Photo via Wikimedia Commons
It’s safe to say that the Ninth Doctor would not find this “Fantastic!”
Every popular television program — especially one that has been around for 50 years — has iconic images associated with it. For Doctor Who fans, those images include a long, multi-colored scarf, a hi-tech device called a sonic screwdriver and, lately, a bow tie (bow ties are cool, after all).
But even people who do not consider themselves diehard “Whovians” are vaguely aware that the show involves some sort of blue wooden box. That, of course, is the famous TARDIS (which stands for “Time And Relative Dimension In Space”), which the main character (known only as The Doctor) uses to, you guessed it, travel through time and space. Without the TARDIS, The Doctor would just be a strangely dressed man running down corridors. It is, in short, as essential to the show as the protagonist himself.
But now, that iconic piece of Gallifreyan technology is in jeopardy. It is not threatened by The Doctor’s enemies, like the Daleks or the Cybermen, but rather a more terrestrial threat: a copyright lawsuit. The TARDIS is an iconic blue box, fashioned after police call boxes that were prevalent in London in the 1950s and 60s. Today, however, the image of the blue box is more associated with the TARDIS than with the actual historical call boxes. As such, the BBC has put the iconic image on just about every piece of merchandise imaginable, from teapots to earrings.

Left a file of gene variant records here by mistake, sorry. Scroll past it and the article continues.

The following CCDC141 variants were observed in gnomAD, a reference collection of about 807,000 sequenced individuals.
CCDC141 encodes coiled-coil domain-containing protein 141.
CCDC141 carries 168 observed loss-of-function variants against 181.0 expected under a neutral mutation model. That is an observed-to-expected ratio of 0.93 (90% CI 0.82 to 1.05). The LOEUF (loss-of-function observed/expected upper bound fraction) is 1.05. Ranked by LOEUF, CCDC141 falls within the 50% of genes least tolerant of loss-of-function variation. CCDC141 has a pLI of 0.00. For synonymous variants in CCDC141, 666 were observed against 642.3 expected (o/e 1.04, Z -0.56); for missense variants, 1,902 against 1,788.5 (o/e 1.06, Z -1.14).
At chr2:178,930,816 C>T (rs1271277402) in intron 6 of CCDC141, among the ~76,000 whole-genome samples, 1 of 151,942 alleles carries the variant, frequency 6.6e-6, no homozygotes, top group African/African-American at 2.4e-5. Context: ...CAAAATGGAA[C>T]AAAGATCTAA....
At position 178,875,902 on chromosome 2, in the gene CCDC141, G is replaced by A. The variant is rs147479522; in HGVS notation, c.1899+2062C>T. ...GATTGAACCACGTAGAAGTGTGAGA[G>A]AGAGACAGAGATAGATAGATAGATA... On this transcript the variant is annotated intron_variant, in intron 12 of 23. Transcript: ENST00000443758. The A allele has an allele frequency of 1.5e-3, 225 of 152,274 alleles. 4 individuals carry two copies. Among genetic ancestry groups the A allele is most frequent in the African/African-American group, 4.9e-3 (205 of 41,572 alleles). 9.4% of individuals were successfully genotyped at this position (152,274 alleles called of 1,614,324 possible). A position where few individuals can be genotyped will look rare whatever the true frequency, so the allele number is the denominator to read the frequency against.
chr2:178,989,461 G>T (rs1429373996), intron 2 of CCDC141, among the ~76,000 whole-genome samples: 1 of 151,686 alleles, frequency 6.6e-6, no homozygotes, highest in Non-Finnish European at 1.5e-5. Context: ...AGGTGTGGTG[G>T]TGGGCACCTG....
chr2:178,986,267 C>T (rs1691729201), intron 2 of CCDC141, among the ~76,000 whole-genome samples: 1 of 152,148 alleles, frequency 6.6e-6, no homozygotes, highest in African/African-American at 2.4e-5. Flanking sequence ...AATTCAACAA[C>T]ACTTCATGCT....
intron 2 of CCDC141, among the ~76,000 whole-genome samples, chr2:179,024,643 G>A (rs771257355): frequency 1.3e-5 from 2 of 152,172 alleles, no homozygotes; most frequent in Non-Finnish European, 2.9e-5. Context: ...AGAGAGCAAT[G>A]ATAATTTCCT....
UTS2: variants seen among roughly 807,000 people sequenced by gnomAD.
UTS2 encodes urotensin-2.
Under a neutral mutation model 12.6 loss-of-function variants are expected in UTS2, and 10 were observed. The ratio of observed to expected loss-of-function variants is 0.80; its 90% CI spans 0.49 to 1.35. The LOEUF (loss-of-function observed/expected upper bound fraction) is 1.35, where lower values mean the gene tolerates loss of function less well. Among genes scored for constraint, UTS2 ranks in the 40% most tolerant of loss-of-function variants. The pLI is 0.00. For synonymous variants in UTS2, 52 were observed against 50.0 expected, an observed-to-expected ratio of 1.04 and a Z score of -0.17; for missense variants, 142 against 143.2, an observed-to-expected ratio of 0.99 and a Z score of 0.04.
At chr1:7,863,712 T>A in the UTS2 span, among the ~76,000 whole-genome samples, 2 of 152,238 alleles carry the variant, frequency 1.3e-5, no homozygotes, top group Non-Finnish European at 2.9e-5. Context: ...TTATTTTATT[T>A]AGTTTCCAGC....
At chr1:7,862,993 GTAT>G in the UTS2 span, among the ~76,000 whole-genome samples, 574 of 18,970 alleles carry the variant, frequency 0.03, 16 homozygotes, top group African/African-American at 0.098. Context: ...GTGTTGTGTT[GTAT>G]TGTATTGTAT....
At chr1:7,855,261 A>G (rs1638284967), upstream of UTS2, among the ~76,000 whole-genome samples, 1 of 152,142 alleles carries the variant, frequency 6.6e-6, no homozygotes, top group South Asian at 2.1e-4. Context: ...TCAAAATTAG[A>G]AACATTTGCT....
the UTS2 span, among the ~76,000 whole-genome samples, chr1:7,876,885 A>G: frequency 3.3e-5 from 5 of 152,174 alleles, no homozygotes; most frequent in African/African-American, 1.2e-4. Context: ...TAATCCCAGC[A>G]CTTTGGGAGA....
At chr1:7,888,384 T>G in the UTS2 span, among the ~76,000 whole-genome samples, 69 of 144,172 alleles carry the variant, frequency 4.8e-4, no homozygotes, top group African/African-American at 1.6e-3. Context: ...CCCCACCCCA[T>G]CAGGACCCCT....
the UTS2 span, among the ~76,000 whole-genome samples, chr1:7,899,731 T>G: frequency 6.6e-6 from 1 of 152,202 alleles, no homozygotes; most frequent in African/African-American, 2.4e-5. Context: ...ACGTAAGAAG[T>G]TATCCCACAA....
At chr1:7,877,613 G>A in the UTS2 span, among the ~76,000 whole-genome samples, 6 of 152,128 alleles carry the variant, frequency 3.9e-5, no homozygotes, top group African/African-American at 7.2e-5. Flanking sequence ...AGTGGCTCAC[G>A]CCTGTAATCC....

Now, however, the son of the writer of the first episode of Doctor Who is suing the BBC for ownership of the TARDIS intellectual property. Tony Coburn wrote the first episode of the long-running series, “An Unearthly Child,” which introduced the TARDIS to the world. His son, Stef Coburn, claims that the BBC is in breach of his father’s copyright, stating that, since the elder Coburn’s death in 1977, the informal permission he had given the BBC to use the work expired, and the copyright should fall to his next of kin.
The BBC formally registered the copyright of the TARDIS in 1980 and has received no formal complaints previously. Stef Coburn says that he waited until his mother’s death last year to press the point, as that was when the intellectual property rights fell to him.
It remains to be seen if this matter will end up in British courts or if Coburn and the BBC can come to terms. At this point, though, with the younger Coburn expressing displeasure at the BBC’s omission of his father from a dramatization of the origin of Doctor Who, and Stef Coburn’s assertion that he has never been a fan of the show, cooperation between the two parties seems as likely as a team-up between The Doctor and Davros. And this is a problem that cannot easily be solved by waving a sonic screwdriver around. It’s ineffective against litigation, after all. And wood.
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